by Jerry Vovcsko
A couple of intense nor'easters took the top off much of the late fall action over the past week or so. That first slug of wintry rain/snow mix that coated Gillette Stadium for the Patriots – Broncos game brought air temperatures diving down toward the dreaded thirties.
As air temps sink so do water temperatures and those mid-fifty numbers we've been seeing are steadily declining; magic-fifty mark, here we come. Won't be long now before we can say with some finality: So long, 2014 striper season.
But in the meantime, there's still some places to visit and fish to catch, stripers included. The Canal continues to produce bass for those persistent anglers who spend enough time working plugs, jigs and bait in the swirling currents of the Ditch. Slack tide allows a jig to make its way to the rocky bottom and it's there that the Big Ones lurk.
Live eels score with the occasional big bass pouncing on an oversized "snake" and thirty pound stripers are still at hand in the Canal ready to whack bait or lure passing nearby. Swimming plugs are the best choice now although a few anglers have done OK with pencil poppers. Personal preference dictates best lure color but I'm really all-in for those garish "parrot" color combos. For some reason they seem to work for me on late season stripers. Maybe it's just a case of that old saw: If you think it will or you think it won't, you're right.
Mackerel are probably one reason stripers continue to hang in the Canal. There have been large numbers of the little tunoids hanging around the east end and they are, of course, a striper favorite. In addition to the Canal, the macs had been thick as fleas on a barn cat up around Race Point and Provincetown Harbor. While few folks like to eat mackerel, they do make prime striper bait and those being caught here in the late fall will likely take up residence in anglers' freezers only to rise again in the spring.
To keep mackerel freezer-stored and relatively fresh for the following season, it's best to add a half-cup of salt to a quart of water and pour that into a half-gallon wax milk carton. Add however many small macs as will fit and pour more water in until the fish are completely covered. Close and seal the carton, lay it in the freezer and come next spring, these macs will make surprisingly fresh bait ready in time for the influx of the new season's striped bass.
Righty now is a very good time to fish the outflows of the south-facing estuaries and ponds from Woods Hole to Monomoy. There are still bluefish to be had in Nantucket Sound and stripers remain mixed in. Those rips south of Nantucket are active hot spots right now but the weather hasn't been the angler's friend lately as high winds have kept small boats moored at anchor for the most part. But when the rips make up and the winds allow, fishing the rips is exciting business, indeed, as the bluefish and striper mix is visible to plug casters anchored up within casting range.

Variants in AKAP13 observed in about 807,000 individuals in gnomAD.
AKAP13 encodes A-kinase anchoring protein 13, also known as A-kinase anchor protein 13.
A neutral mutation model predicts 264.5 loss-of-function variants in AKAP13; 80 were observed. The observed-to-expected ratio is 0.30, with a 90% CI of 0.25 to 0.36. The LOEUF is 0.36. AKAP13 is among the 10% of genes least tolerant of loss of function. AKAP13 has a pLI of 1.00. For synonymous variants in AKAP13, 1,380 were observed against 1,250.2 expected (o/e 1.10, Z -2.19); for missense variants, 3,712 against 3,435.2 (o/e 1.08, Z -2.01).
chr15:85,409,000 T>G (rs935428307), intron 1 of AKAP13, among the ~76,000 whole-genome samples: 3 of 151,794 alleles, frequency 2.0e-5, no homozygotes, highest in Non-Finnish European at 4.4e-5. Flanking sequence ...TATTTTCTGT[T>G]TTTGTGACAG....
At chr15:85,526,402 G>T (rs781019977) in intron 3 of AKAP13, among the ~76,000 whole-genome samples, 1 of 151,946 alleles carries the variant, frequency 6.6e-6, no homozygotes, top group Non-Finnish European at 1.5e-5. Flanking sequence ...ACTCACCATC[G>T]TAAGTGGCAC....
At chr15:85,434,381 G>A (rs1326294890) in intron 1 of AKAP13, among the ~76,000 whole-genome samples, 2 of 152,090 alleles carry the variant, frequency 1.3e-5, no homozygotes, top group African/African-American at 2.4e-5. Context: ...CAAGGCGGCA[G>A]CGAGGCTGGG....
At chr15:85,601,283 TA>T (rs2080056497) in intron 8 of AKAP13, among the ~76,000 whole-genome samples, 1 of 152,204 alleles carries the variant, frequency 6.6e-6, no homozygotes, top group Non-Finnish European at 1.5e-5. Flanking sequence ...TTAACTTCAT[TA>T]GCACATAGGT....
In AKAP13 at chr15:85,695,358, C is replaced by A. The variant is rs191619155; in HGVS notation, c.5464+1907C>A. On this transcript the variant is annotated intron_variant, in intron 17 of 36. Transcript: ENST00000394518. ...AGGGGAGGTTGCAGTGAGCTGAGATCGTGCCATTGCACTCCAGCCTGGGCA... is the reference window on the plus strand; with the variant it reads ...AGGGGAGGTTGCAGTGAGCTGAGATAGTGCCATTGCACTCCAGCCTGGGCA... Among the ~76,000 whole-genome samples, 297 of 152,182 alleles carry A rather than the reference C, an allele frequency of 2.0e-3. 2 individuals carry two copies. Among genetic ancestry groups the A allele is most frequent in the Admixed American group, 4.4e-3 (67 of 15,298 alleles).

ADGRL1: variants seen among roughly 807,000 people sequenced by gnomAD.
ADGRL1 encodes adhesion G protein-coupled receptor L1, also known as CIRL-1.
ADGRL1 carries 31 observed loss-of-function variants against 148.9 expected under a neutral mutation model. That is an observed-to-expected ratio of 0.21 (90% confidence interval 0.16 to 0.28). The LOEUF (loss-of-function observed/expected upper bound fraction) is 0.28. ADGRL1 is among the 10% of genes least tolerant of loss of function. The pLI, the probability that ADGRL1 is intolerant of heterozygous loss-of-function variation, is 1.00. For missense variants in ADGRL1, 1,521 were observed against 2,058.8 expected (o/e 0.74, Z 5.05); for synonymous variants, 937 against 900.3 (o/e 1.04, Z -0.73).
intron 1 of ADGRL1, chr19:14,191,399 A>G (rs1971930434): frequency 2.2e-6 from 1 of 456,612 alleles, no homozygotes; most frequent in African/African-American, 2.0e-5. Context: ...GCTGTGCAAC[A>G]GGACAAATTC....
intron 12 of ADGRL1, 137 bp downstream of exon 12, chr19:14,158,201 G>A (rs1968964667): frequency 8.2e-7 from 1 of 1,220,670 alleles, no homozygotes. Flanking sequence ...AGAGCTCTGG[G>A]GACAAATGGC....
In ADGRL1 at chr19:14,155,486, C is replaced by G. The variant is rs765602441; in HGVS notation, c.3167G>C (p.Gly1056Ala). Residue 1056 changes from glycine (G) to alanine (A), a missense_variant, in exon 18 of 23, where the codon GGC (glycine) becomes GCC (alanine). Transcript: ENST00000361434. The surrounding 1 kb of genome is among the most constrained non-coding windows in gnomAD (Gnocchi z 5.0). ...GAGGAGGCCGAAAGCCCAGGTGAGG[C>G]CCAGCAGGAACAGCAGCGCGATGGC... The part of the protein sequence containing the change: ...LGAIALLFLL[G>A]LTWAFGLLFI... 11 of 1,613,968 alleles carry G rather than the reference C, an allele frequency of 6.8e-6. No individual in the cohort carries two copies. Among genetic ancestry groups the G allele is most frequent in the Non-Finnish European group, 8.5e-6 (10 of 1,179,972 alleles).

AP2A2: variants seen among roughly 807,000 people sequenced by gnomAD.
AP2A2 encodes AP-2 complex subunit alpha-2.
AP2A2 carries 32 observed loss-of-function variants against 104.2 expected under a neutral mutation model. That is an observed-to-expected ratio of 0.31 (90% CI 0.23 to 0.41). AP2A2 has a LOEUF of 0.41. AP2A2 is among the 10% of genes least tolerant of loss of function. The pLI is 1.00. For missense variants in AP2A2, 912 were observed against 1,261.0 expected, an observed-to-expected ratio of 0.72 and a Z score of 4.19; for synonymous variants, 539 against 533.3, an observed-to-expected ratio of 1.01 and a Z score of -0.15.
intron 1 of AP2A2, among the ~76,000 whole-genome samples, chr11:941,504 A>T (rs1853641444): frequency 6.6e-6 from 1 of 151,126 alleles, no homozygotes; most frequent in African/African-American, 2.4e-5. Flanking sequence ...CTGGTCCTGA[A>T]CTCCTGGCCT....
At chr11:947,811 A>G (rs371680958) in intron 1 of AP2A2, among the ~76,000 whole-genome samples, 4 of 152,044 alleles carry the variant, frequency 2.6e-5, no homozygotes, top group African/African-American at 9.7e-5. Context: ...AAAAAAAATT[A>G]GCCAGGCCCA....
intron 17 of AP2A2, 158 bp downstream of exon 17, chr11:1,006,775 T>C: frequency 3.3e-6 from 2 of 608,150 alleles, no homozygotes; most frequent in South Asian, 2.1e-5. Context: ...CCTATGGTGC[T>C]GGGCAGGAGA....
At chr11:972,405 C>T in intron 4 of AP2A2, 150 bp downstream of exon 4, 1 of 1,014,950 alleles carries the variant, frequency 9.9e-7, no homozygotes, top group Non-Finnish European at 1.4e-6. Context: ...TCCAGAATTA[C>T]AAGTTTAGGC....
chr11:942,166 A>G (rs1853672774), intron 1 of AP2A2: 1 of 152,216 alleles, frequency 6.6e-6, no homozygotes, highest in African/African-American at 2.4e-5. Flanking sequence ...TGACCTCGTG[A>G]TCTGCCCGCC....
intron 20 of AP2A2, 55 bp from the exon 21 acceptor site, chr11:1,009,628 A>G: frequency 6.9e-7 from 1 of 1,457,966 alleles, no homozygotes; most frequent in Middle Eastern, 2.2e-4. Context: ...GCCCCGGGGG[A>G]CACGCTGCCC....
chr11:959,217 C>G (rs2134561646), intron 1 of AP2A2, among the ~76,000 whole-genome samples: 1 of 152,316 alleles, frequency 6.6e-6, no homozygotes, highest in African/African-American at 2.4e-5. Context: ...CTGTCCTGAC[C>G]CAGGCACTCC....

The bonito and false albacore apparently felt the chill of the recent brisk nor'easterly winds and we won't see them again until August next year. They were great fun on light tackle but the fun's over for this season and the funny fish have taken it on the lam. North of Cape Cod Bay there are Bluefin tuna hanging around Stellwagen Bank with the occasional stray tuna showing up around Peaked Hill Bars and east of Head of the Meadow beach at Truro. All those mackerel schooling up off Provincetown may be the reason the Bluefin are sticking around.
The Vineyard – being the southerly departure point for the fall migration – still offers a mix of bass and blues and maybe even a solitary bonito that got distracted and forgot which way it was headed and hangs around hobnobbing with the others. The pre-dawn bite continues to be best-bet-time although anglers working live eels after dark have had productive sessions along the western shore of the Big Island down as far as Devil's Bridge. This is another wind-dependent location so small boat operators should have a care and know where to scamper in to the nearest safe harbor.
I would feel remiss if I didn't say a bit more about that Patriots-Broncos game I referred to earlier. When newly acquired linebacker Akeem Ayers sacked Peyton Manning late in the second half it pretty well put the cherry on the chocolate sundae.
With Tom Brady lacerating the Bronco's secondary and The Gronk running wild on crossing and seam routes, the Patriots made clear just who was the cook and who the potatoes. The Pats are looking good – very, very good – these days and those football seers who wrote their epitaphs a few weeks back are being served generous portions of humble pie these days. As they say, "On any given Sunday……"